IN HIS introduction to this book, Martyn Percy (whose own pen provides roughly half its content) comments that “witnessing” has been “tamed, domesticated and emasculated” by some modern Christians, who regard it as something done to others to convert them to Christ.
He quotes Dorothy Day, who described being a witness as “living the mystery”. Following Christ involves living as he lived, and doing things that bring no obvious immediate missional results or rewards, e.g. caring for the poor and marginalised. It soon becomes clear why Percy dislikes the centrally driven mission strategies of the Church of England; for they seek an explicit reward through the numerical growth of the Church. Witnessing, by contrast, may lead to ostracism and exile; for Christians live “in a constant state of conviction and eviction”.
Any reader even modestly informed about the traumas at Christ Church, Oxford, during Percy’s tenure as Dean will not be surprised that this collection of addresses, poems, and liturgies is for “dissenters”. There is no explicit commentary on those events, however, beyond indirect references in the final sermon, a valedictory one, for St Matthias. And yet much of this volume seems to have been wrought out of that experience.
This is particularly so in the poems of Emma Percy, which add greatly to the value of the book. “Suspension” and “When You are Ground Down” are two good examples. There is a considerable amount of self-disclosure from both the Percys. We learn that Martyn was born “unplanned and unwanted” to a single mother who had four children by different men. Emma’s parents divorced when she was eight. And, during their time at Christ Church, Emma’s brother Chaz lived with them when he was dying of cancer in his late forties. A poem by Emma and a Christmas homily by Martyn both “witness” to what was discovered through that tragedy.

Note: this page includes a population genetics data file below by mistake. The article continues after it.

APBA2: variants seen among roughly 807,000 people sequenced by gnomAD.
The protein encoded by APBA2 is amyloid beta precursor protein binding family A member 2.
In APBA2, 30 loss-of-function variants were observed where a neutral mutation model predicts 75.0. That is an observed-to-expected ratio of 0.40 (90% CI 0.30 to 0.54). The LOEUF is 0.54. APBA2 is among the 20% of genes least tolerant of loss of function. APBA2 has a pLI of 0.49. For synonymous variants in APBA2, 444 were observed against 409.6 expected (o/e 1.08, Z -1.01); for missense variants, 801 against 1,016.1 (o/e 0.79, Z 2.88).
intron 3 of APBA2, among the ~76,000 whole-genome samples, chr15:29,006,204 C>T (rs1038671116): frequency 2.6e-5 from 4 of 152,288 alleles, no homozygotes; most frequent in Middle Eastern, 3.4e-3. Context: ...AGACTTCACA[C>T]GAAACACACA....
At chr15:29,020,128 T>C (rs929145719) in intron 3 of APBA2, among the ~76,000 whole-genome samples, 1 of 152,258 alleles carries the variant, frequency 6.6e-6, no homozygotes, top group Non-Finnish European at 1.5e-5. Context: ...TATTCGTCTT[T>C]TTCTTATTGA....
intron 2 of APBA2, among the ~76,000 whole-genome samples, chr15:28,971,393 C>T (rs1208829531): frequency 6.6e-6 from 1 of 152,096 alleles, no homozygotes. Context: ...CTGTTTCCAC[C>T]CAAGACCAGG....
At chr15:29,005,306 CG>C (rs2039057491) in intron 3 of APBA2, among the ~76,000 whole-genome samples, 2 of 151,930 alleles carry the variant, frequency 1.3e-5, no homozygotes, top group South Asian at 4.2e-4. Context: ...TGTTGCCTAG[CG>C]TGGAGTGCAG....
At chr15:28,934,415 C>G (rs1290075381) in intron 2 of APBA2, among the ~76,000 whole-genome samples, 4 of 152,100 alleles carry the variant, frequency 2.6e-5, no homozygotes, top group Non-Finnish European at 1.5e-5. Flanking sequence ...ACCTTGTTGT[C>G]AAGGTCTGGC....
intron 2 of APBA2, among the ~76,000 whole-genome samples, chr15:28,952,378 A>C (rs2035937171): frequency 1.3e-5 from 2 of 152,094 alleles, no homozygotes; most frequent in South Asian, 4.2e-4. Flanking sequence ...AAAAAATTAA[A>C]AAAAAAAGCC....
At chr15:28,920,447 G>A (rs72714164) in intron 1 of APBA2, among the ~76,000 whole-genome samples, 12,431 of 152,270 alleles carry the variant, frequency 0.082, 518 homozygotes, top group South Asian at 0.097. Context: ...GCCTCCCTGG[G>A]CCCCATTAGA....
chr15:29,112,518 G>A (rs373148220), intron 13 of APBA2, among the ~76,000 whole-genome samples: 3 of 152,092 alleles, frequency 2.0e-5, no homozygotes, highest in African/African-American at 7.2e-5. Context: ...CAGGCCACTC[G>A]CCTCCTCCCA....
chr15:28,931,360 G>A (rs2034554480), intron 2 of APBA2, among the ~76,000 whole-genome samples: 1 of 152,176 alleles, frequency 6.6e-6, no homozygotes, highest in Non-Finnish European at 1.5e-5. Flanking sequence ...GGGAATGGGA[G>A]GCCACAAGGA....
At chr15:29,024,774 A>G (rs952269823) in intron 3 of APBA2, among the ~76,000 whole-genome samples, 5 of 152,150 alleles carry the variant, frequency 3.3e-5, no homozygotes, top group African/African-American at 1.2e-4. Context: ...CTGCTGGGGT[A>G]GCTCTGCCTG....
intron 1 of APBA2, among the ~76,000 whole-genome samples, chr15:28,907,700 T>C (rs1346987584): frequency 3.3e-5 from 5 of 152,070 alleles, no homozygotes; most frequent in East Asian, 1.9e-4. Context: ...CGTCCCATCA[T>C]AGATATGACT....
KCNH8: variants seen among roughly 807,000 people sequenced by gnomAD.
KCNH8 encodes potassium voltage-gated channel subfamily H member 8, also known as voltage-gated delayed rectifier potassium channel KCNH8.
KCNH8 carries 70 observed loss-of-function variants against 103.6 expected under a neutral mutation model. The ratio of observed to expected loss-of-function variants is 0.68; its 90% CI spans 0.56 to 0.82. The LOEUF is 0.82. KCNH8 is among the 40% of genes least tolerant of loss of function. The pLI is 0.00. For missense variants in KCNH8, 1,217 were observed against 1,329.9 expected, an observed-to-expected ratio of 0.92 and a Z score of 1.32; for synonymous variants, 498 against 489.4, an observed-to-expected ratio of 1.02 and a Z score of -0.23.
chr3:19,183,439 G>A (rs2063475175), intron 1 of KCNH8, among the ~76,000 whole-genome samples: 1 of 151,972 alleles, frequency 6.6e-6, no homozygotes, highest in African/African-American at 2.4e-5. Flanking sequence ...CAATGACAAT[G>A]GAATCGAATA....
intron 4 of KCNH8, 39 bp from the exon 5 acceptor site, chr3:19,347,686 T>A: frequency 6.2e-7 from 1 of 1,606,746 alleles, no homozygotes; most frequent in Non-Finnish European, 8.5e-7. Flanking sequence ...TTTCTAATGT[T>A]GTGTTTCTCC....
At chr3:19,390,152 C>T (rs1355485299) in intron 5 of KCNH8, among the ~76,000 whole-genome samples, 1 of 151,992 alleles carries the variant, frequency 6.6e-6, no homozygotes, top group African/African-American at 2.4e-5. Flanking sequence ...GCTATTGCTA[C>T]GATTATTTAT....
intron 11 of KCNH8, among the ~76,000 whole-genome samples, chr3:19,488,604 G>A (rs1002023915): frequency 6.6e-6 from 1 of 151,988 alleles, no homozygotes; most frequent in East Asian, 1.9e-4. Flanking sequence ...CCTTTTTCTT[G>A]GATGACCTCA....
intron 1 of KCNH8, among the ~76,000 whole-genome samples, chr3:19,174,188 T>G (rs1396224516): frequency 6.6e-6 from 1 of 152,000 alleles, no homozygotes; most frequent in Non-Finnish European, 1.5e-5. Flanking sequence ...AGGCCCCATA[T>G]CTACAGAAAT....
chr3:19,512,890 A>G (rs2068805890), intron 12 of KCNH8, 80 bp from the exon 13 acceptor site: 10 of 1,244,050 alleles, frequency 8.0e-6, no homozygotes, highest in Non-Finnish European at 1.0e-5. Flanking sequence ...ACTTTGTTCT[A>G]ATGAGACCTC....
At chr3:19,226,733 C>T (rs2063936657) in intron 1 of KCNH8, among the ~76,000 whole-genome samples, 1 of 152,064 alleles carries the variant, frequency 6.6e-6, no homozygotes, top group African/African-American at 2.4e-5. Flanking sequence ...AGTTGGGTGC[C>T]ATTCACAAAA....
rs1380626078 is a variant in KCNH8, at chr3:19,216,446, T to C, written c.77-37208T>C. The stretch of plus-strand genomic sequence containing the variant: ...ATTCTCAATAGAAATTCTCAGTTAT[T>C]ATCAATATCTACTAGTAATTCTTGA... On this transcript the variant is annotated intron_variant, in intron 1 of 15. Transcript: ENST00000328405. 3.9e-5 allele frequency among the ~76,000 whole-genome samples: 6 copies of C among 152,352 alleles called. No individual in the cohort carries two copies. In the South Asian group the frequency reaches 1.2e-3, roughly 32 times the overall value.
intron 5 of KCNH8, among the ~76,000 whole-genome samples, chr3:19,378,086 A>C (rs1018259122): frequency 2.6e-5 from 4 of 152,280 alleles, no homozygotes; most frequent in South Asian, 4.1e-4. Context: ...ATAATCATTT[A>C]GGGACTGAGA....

The liturgical resources (which include some from the late Jim Cotter) seek to complement the rest of the material. It would be a pity, however, if the inclusion of liturgies for same-sex unions or prayers for Pride Week limited this book’s appeal; for what is so striking is the creative theological orthodoxy to be found in the reflections and homilies. Martyn Percy’s defence of the bodily character of the ascension of Jesus may surprise some readers, but it is driven by his belief in the bodily incarnation of Jesus and his “return to heaven with our humanity and his”.
Close and revealing attention to the text of scripture is evident in several reflections, notably on “leaven” (which shows a great familiarity with the process of bread-making, too), and in another on “the nature and nurture of Jesus”. Emma’s reflection on Acts 8 — “Can a eunuch be baptized?” — is worth the cover price alone.
The spirit of witness in this collection is very Anglican, which is perhaps why this son of a Congregational manse wasn’t really persuaded that it was for “dissenters”. “Outsiders” may be the better category, regrettably, but this is also a book that has plenty to offer to those of us still within the Church of England’s tent.
The Rt Revd Graham James is a former Bishop of Norwich and now an honorary assistant bishop in the diocese of Truro.
The Spirit of Witness: Liturgies, prayers, poems and reflections for dissenters
Martyn Percy, editor
Canterbury Press £18.99
Church Times Bookshop £15.19